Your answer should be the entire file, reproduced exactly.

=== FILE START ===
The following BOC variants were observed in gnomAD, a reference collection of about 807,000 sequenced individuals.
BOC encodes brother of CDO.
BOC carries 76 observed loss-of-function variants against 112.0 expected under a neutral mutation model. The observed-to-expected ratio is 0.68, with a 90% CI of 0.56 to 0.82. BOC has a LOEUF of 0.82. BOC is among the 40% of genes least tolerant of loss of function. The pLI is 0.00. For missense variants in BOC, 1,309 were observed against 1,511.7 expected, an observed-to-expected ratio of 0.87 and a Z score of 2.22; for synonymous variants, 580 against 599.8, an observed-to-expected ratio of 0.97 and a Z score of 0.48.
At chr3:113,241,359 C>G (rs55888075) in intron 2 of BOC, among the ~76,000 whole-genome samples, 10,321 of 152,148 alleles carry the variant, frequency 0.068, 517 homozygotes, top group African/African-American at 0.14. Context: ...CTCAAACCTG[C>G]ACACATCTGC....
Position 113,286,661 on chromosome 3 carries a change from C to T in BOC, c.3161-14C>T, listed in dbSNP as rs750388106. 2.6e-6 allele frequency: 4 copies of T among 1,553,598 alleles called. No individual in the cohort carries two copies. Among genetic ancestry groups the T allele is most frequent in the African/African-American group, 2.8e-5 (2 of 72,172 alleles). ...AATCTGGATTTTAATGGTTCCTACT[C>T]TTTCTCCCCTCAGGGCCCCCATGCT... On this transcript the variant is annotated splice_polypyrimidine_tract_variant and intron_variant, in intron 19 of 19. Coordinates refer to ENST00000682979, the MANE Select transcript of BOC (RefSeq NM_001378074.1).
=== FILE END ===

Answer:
The following BOC variants were observed in gnomAD, a reference collection of about 807,000 sequenced individuals.
BOC encodes brother of CDO.
BOC carries 76 observed loss-of-function variants against 112.0 expected under a neutral mutation model. The observed-to-expected ratio is 0.68, with a 90% CI of 0.56 to 0.82. BOC has a LOEUF of 0.82. BOC is among the 40% of genes least tolerant of loss of function. The pLI is 0.00. For missense variants in BOC, 1,309 were observed against 1,511.7 expected, an observed-to-expected ratio of 0.87 and a Z score of 2.22; for synonymous variants, 580 against 599.8, an observed-to-expected ratio of 0.97 and a Z score of 0.48.
At chr3:113,241,359 C>G (rs55888075) in intron 2 of BOC, among the ~76,000 whole-genome samples, 10,321 of 152,148 alleles carry the variant, frequency 0.068, 517 homozygotes, top group African/African-American at 0.14. Context: ...CTCAAACCTG[C>G]ACACATCTGC....
Position 113,286,661 on chromosome 3 carries a change from C to T in BOC, c.3161-14C>T, listed in dbSNP as rs750388106. 2.6e-6 allele frequency: 4 copies of T among 1,553,598 alleles called. No individual in the cohort carries two copies. Among genetic ancestry groups the T allele is most frequent in the African/African-American group, 2.8e-5 (2 of 72,172 alleles). ...AATCTGGATTTTAATGGTTCCTACT[C>T]TTTCTCCCCTCAGGGCCCCCATGCT... On this transcript the variant is annotated splice_polypyrimidine_tract_variant and intron_variant, in intron 19 of 19. Coordinates refer to ENST00000682979, the MANE Select transcript of BOC (RefSeq NM_001378074.1).